Weakness in the keyserver network (Was Re: Global Directory signatures)

Jason Harris jharris at widomaker.com
Fri Jan 7 05:16:40 CET 2005

On Thu, Jan 06, 2005 at 10:22:02PM -0500, David Shaw wrote:
> On Thu, Jan 06, 2005 at 07:27:11PM -0500, Jason Harris wrote:

> The whole meaning of non-exportable is that the signatures are, well,
> non-exportable.  Having the GD issue non-exportable signatures rather
> defeats the point of the thing.  Forgetting for a minute the protocol
> issues with this, a simple practical reason why this won't work is
> that GnuPG won't import a non-exportable signature without modifying
> the config, and PGP won't do it at all.  Mandating code changes in the
> clients isn't going to happen since it would require all GD users to
> upgrade, which is unrealistic.

OK, so GPG users are ahead of the curve because we had to upgrade
to 1.4.0 to talk to this new keyserver anyway.

> You call the GD a "nuisance".  I don't agree.  We can have that
> discussion if you like, but perhaps more interesting is that the GD,

Oh no, our positions are very clear on this point.  (Besides, didn't
you say they consulted with you about the GD?  :)

> nuisance or not, is illuminating weaknesses in the keyserver network.
> The keyserver network is dependent on clients being well-behaved.
> That's a recipe for abuse if I ever saw one.

So, you can DoS a webserver without even modifying content on it.
How is this news?

> To make an extreme example, say there was a rogue signer, pumping out
> thousands of signatures a day onto the keyserver network, all set to
> expire in a week.  Due to the design of the web of trust, there is no
> real impact on it.  However, there is an ugliness to all those
> signatures.  UI displays (e.g. vindex) are rendered almost useless.
> Over time, this approaches a denial of service when the signed keys
> get so big they can't easily be downloaded.  The keyserver database
> gets huge.  Lots of bandwidth is used to sync all of those signatures
> between the various nodes in the keyserver net.  It gets messy fast.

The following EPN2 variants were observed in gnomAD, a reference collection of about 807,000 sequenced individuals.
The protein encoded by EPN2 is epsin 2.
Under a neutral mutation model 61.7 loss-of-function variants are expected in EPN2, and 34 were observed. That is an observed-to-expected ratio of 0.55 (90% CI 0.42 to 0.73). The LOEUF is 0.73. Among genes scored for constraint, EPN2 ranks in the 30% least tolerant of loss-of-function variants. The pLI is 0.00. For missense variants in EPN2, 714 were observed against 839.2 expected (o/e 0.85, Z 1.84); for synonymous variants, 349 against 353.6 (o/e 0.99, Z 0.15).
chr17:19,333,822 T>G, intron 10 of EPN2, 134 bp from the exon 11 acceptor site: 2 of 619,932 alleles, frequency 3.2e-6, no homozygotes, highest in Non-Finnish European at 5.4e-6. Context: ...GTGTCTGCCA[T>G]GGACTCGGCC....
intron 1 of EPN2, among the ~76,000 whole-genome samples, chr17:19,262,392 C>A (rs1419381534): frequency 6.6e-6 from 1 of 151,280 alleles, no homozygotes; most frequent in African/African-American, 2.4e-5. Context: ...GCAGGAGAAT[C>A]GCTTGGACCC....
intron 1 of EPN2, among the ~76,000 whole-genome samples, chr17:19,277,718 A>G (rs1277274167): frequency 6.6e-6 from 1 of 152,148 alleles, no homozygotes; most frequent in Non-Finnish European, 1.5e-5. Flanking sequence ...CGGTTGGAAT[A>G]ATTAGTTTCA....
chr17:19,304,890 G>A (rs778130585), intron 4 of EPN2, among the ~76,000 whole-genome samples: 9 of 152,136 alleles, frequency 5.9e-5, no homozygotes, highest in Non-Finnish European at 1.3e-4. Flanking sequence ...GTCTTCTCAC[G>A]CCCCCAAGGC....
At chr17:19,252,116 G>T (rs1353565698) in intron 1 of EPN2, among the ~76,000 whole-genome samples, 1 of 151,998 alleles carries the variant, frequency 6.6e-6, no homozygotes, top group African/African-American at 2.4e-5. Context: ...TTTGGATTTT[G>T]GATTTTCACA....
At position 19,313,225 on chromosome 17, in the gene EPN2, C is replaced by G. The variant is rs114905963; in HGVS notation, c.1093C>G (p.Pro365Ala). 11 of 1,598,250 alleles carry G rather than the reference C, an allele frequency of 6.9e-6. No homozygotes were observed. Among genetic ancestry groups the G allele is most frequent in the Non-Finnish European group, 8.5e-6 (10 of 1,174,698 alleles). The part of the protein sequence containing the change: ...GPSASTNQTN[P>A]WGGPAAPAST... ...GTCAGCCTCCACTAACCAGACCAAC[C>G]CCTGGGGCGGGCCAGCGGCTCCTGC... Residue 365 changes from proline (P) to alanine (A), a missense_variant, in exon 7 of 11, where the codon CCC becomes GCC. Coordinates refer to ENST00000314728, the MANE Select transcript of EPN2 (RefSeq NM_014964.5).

Right, but let someone open some free webmail accounts, create some
[Open]PGP keys, start placing keys on the GD, and start signing every
key they find there.

Even better, use a dyndns service and create unlimited email accounts
all from the comfort of your own DSL line.

> Now, to be sure, this isn't a brand new keyserver attack that nobody
> ever thought of, plus the GD is nowhere near as bad as my example

Or is it?  Uploading garbage keys is still a DoS attack.

> above.  The GD behavior (being a very prolific signer, with no
> particular effort taken to prevent signatures leaking from the GD onto
> the keyserver net) is just a reminder that the keyserver net is
> vulnerable to this sort of flooding.

Right, but adding cryptographic checks and enforcing no-modify flags
will just shift the DoS attack to uploading garbage keys instead of
bloating existing keys.  Of course, if we come to that, real no-
modify checks will trump the GD by keeping signatures from bogus
keys from littering actual keys.

> If you need a reason other than someone just being mean, spammers
> could fairly easily get keyservers to display their ads with this sort
> of flooding.  There's incentive right there.  You'll forgive me for
> not going into excessive detail how exactly to do it, I hope :)

I'm betting they'll do that with photo IDs first.

Jason Harris           |  NIC:  JH329, PGP:  This _is_ PGP-signed, isn't it?
jharris at widomaker.com _|_ web:  http://keyserver.kjsl.com/~jharris/
          Got photons?   (TM), (C) 2004
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